For partnership interest sales, the procedural rules outlined in Exhibit 3 maximize the ordinary income that a partner will report on the sale of a partnership interest.

In Example 6 on p. 34, M's amount realized from the sale of his partnership interest includes the cash received plus the liabilities of which he is relieved. His $20,000 amount realized, less his $15,000 basis, yields a $5,000 realized gain. M has a 100% long-term holding period; however, the gain realized on the sale of his partnership interest is not long-term capital gain. Moreover, M's $5,000 economic gain is the maximum gain that should currently be

subject to tax. However, because he has a short-term capital loss from other investments up to the $3,000 capital loss limit, he will recognize $2,000 more taxable income on the sale of his partnership interest than he realized in economic income.
Example 6: * M owns a one-third interest in KLM Partnership,
a cash-basis partnership. In 2002, he sells his partnership
interest for $10,000; his basis was $15,000, including a
$10,000 share of partnership liabilities. M held his KLM
interest for two years and made no capital contributions
since acquiring the interest. In addition to selling his
partnership interest in 2002, M has $50,000 of ordinary income
from other sources and a $3,000 short-term capital loss.

 Balance sheet on date of sale
 of M's interest

Assets AB FMV

Cash $3,000 $ 3,000
Collectibles 1,000 4,000
Intangibles (goodwill) 0 32,000
Unrealized receivables 0 21,000
Totals $4,000 $60,000

Capital-gain netting process

Short-term:
Short-term gain $ 0
Short-term loss (3,000)
Net short-term loss $(3,000) **

Long-term:
Collectibles gain $ 1,000
Residual capital loss (3,000)
Net long-term loss $(2,000) **

 M's tax consequences

Total gain realized $5,000
Sec. 751 ordinary income 7,000
Pre-lookthrough capital loss (2,000)
Collectibles gain (28%) 1,000
Residual long-term capital loss (3,000)
Maximum economic income $5,000
 that should be recognized

M's Form 1040 summary

Items unrelated to sale of partnership interest:
Ordinary income from other sources $50,000
Short-term capital loss (3,000)

Items related to sale of partnership interest:
Sec. 751 ordinary income 7,000
Collectibles gain (offset) 0
Residual long-term capital loss (limited) 0
Ordinary income currently taxed from
 M's sale of his partnership interest $ 7,000

* Adapted from Regs. Sec. 1.1.(h)-1(f),
Example 1.

** Net short-term loss is taken first; net long-term loss
is limited and carried forward.


Under the regulations, M first recognizes his one-third share of ordinary income from the deemed sale of unrealized receivables under Sec. 751. The pre-lookthrough gain or loss equals his $5,000 realized gain, reduced by $7,000 of Sec. 751 ordinary income. Thus, he has a $2,000 pre-lookthrough capital loss, further reduced by his $1,000 share of collectibles gain, resulting in a $3,000 residual long-term capital loss. Both the $1,000 collectibles gain and the $3,000 residual long-term capital loss flow to Schedule D, along with the $3,000 short-term capital loss from M's other investments. The capital-loss-limit ordering rules call for the short-term loss to be recognized first. The collectibles gain is netted against the $3,000 residual long-term capital loss; the remaining $2,000 long-term loss is carried forward. Thus, in Example 6, neither the collectibles gain nor the residual long-term capital loss has a current-year marginal effect on M's taxable income.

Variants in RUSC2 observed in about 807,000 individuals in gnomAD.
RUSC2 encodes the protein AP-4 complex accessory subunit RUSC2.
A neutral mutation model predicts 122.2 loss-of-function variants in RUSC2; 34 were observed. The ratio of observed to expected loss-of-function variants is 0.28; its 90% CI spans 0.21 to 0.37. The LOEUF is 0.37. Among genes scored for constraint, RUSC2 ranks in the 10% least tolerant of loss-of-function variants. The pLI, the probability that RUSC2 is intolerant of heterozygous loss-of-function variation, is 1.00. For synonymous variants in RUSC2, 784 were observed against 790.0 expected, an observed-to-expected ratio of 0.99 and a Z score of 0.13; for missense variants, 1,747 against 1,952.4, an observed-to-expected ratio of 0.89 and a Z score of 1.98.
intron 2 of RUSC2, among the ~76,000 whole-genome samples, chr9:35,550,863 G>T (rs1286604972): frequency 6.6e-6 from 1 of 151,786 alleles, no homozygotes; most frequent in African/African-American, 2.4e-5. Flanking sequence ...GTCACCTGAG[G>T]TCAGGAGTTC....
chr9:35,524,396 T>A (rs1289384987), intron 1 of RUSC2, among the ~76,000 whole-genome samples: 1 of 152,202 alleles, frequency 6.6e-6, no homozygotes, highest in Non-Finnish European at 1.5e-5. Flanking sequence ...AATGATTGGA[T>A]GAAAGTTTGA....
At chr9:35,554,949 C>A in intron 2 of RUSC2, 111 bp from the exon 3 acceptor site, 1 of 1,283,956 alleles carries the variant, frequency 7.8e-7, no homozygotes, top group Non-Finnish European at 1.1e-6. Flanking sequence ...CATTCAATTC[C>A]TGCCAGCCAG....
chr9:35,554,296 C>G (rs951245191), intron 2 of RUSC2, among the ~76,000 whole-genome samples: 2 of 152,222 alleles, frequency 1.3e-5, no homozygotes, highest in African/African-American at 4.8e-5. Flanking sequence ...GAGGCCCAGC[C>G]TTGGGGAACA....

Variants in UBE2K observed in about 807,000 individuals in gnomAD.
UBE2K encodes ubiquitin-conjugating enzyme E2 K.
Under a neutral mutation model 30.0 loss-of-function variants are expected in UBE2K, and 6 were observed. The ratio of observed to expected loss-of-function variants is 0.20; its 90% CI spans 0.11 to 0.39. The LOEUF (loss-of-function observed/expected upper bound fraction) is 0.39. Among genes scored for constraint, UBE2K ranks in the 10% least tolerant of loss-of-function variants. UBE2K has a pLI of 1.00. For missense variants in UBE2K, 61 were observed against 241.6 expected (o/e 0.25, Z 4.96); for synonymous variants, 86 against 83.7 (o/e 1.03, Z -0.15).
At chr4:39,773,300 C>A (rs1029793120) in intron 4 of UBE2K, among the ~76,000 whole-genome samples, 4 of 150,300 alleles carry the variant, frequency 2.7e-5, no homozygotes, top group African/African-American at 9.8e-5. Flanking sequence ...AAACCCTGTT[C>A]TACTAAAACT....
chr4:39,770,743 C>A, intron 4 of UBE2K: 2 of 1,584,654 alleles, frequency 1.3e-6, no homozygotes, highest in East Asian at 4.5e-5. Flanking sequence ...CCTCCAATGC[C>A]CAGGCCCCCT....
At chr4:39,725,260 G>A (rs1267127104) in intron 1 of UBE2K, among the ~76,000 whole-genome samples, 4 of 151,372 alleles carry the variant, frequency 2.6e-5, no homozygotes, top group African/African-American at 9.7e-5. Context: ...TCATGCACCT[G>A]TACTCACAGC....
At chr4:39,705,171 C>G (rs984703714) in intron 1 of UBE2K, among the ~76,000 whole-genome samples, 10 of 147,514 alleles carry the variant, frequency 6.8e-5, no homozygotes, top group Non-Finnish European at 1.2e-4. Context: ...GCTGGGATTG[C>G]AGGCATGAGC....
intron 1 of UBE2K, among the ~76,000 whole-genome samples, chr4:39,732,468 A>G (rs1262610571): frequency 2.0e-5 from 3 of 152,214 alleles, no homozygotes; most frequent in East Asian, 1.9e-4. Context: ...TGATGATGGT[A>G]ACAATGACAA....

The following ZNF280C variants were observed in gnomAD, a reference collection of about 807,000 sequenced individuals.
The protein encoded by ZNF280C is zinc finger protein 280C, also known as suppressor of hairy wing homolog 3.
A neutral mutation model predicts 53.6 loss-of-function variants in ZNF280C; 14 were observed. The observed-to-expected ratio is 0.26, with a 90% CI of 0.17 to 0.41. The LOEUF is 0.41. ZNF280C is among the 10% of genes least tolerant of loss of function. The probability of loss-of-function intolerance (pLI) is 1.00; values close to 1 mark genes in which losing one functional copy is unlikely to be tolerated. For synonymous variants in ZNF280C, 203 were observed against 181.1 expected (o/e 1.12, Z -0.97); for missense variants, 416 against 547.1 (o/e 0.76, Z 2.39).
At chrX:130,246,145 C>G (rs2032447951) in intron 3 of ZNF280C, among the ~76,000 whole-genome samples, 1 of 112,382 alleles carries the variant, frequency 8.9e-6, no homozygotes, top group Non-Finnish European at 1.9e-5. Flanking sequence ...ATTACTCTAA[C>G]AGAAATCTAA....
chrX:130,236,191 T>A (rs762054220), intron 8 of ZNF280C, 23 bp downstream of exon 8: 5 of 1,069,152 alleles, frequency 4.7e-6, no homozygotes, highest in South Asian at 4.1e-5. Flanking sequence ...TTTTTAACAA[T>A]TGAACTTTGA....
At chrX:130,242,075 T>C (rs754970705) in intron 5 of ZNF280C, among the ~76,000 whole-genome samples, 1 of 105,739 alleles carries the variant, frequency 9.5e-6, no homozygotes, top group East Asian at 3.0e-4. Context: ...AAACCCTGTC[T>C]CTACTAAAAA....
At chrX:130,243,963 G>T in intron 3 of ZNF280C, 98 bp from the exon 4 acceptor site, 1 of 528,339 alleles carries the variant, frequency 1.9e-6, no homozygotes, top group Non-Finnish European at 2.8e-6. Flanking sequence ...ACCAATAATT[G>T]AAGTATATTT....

M will report on his return items unrelated to the sale of his partnership interest, consisting of $50,000 of ordinary income and $3,000 of short-term capital loss. M will currently report $7,000 of ordinary income from the sale of his partnership interest, even though he realized only $5,000 of gain on the transaction. The remaining $2,000 residual long-term capital loss carried forward due to the capital loss limit may be deducted against ordinary income up to a $3,000 limit in a future year. This example points out the importance of planning for the sale of a partnership interest under the new regulations.

If M is specially allocated the collectibles (see Example 7 below), (6) the rules still operate to produce the maximum amount of ordinary income to M--the entire $7,000 gain is characterized as ordinary. If M has additional ordinary or short-term capital-gain income and a current-year net short-term capital loss of at least $3,000 (as in Example 6), the residual $3,000 long-term capital loss would have to be carried forward for future use. M's economic income is $7,000, but he would be taxed currently on $10,000 of taxable income from the sale of his partnership interest--$7,000 of ordinary income plus $3,000 of collectibles gain taxed at 28%.
Example 7: The facts are the same as in Example 6, except that
M has no other income or loss items. In addition, the KLM
Partnership agreement calls for a special allocation to M of
100% of the collectibles gain. M sells his partnership interest
for $12,000, resulting in a $7,000 realized gain.

 Balance sheet on date of sale
 of M's interest

Assets AB FMV

Cash $3,000 $ 3,000
Collectibles 1,000 4,000
Intangibles (goodwill) 0 32,000
Unrealized receivables 0 21,000
Totals $4,000 $60,000

 M's tax consequences

Total gain realized $7,000
Sec. 751 ordinary income 7,000
Pre-lookthrough capital loss (0)
Collectibles (special allocation) 3,000
Residual long-term capital loss (3,000)
Total ordinary income recognized * $7,000

* Assumes these are M's only income and loss items.


What if the partnership's deemed sale of collectibles results in a loss, rather than a gain? (See Example 8 below.)
Example 8: The facts are the same as in Example 6; except that
M has no other income or loss items and KLM Partnership has a
$3,000 unrealized collectibles loss.

 Balance sheet on date of sale
 of M's interest

Assets AB FMV

Cash $3,000 $ 3,000
Collectibles 4,000 1,000
Intangibles (goodwill) 0 32,000
Unrealized receivables 0 21,000